How is Inflation Rate Determined by a Country?


This question was recently posted.

how inflation rate of any country is determined?
i mean which yardstick is used to measure inflation?

looking forward to quick response

thanks in advance

A. By a number of factors really, that’s a pretty open-ended question ๐Ÿ˜›

Essentially in the US and Canada the CPI index is used to help determine movements in inflation. CPI = consumer price index and measures the ‘cost’ of select goods. Generally, everything is included in the CPI index. However, there are other things that can influence inflation (which [inflation] is a measure of price movements of goods).

I.E. you may watch the housing market to get an indication of inflation…. high gas prices may be an indication that inflation (the overall cost of goods) will increase.

3 responses to “How is Inflation Rate Determined by a Country?”

  1. A slight twist to OP’s question but I don’t think it qualifies as a hijack…

    I’ve heard about how the CPI overstates inflation. Assume an economy comprised of hot dogs and hamburgers, where each costs 1 unit and households consume 5 hot dogs and 5 hamburgers per unit of time.

    Suddenly, the cost of hot dogs doubles. In response, households now consume 3 hot dogs and 7 hamburgers. The CPI shows a 50% inflation rate, but (the argument goes) since expenditures rose from 10 units to 13 units, the “real” rate is only 30%.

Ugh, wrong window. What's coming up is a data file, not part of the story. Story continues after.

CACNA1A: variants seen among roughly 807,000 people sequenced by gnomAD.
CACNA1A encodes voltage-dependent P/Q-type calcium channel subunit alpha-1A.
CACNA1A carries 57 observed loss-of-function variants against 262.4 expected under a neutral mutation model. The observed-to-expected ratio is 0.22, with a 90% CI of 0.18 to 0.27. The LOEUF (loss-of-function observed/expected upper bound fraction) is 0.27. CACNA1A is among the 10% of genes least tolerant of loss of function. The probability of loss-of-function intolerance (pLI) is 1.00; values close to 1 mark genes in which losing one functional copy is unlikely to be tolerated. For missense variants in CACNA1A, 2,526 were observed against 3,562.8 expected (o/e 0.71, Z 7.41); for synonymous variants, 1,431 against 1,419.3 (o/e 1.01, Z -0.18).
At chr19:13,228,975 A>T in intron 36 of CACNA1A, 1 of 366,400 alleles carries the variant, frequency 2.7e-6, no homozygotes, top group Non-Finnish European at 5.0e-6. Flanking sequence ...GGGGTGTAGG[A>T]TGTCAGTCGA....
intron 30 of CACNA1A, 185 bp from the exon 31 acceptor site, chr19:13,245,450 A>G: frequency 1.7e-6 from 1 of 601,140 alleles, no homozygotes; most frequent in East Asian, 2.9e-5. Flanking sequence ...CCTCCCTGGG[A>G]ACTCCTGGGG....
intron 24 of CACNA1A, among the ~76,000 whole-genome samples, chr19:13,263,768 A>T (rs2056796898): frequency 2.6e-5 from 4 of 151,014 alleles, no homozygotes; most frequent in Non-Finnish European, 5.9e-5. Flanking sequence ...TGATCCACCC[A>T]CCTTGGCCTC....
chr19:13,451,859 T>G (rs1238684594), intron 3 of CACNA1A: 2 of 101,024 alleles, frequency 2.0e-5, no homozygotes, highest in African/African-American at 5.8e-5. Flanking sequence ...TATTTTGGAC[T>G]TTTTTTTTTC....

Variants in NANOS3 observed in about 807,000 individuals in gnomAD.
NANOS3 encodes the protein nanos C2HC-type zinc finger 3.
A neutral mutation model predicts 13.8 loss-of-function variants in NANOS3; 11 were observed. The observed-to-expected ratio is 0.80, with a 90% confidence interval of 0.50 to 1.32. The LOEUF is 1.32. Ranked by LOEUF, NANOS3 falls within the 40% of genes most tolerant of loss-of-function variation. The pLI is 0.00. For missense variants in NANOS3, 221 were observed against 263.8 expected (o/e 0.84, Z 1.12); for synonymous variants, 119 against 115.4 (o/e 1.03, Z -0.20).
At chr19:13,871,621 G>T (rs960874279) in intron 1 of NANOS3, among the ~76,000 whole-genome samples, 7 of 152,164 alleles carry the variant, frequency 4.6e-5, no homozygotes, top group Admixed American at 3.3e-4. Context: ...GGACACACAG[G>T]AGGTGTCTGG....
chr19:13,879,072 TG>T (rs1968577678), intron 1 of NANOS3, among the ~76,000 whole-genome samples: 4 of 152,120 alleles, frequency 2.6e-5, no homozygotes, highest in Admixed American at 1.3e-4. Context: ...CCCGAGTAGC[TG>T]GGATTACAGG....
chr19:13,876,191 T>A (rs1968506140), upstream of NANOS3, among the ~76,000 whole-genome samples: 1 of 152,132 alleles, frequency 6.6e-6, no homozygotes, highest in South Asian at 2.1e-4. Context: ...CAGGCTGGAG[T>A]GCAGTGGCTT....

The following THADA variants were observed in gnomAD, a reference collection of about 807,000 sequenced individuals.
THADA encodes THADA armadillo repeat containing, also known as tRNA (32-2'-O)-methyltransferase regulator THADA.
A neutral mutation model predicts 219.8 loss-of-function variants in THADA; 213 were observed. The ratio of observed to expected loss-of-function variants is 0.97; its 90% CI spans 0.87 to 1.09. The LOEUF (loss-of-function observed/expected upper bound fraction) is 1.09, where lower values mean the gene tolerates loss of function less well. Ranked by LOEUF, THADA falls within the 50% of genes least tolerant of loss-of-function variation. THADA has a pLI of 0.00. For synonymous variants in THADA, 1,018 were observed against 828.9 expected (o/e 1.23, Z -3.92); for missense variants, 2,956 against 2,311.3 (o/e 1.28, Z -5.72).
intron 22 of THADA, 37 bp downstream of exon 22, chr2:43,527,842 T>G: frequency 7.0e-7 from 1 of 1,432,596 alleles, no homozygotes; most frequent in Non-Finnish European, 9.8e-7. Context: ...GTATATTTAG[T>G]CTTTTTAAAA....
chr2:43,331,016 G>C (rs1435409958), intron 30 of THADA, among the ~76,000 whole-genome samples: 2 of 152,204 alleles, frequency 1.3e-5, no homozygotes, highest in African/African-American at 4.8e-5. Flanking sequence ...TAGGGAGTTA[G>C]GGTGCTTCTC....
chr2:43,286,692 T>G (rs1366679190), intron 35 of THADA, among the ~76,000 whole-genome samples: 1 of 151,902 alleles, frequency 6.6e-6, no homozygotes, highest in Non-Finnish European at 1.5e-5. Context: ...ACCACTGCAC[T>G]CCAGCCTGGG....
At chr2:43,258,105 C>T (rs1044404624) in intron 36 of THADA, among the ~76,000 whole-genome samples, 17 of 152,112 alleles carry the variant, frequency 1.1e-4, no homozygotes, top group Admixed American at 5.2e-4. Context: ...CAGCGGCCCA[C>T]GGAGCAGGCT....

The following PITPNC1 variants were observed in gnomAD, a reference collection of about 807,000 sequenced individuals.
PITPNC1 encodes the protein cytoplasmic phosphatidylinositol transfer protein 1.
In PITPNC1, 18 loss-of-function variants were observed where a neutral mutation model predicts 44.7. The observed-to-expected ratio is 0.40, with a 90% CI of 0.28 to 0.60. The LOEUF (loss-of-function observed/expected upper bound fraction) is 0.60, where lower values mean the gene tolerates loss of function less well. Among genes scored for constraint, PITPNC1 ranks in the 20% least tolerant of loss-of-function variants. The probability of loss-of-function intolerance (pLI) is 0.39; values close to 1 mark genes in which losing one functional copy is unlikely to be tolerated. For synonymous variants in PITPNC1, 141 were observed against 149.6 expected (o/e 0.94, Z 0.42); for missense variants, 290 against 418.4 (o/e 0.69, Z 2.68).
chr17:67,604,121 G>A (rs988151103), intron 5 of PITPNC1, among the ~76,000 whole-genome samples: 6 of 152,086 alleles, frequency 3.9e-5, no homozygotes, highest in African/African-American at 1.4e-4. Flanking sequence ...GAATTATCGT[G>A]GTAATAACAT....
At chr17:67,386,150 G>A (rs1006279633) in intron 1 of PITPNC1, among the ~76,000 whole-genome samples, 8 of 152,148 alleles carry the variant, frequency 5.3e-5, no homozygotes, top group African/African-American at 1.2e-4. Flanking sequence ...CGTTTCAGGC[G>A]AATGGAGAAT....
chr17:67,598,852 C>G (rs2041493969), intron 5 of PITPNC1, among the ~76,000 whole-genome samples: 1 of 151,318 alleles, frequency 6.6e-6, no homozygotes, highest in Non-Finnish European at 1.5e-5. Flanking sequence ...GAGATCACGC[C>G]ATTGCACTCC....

It seems to me the inflation rate must be somewhere in the middle. Here’s why:

    Households would obviously prefer to eat more hot dogs that they do at present; the reduction is a concession to price. Thus, it would be reasonable to expect a reduction in net utility such that they are spending 30% more for less utility. I’m not smart enough to figure out where the “correct” rate lies, but it would seem that 30% < "true" inflation < 50%.


  2. Well I know your example is simple, but CPI wouldn’t go up by 50% ๐Ÿ˜› I suppose in a market with just those two items it would, but quite frankly, no market operates like that. It bring sup the question though about real vs. nominal values.

    CPI isn’t actually a value, it’s a measurement, and index, not a percentage or something like that.

    Having said that, you can calculate real values with CPI, however, overstatement I’m sure is accounted for, or at least acknowledged.

  3. The CPI is a mere estimate of what inflation may be. However, given the questionable nature of CPI’s resilience to mistating actual levels of inflation by employing a fixed basket of goods, etc., it may be best to look at multiple indicators.

    It is best if you look at a combination of variables. Lets say to gain an exceptional grasp on price levels, you might look at not only the CPI, but the GDP deflator, money balances, and also inflation expectations (generally a key determinate to the direction of actual inflation).

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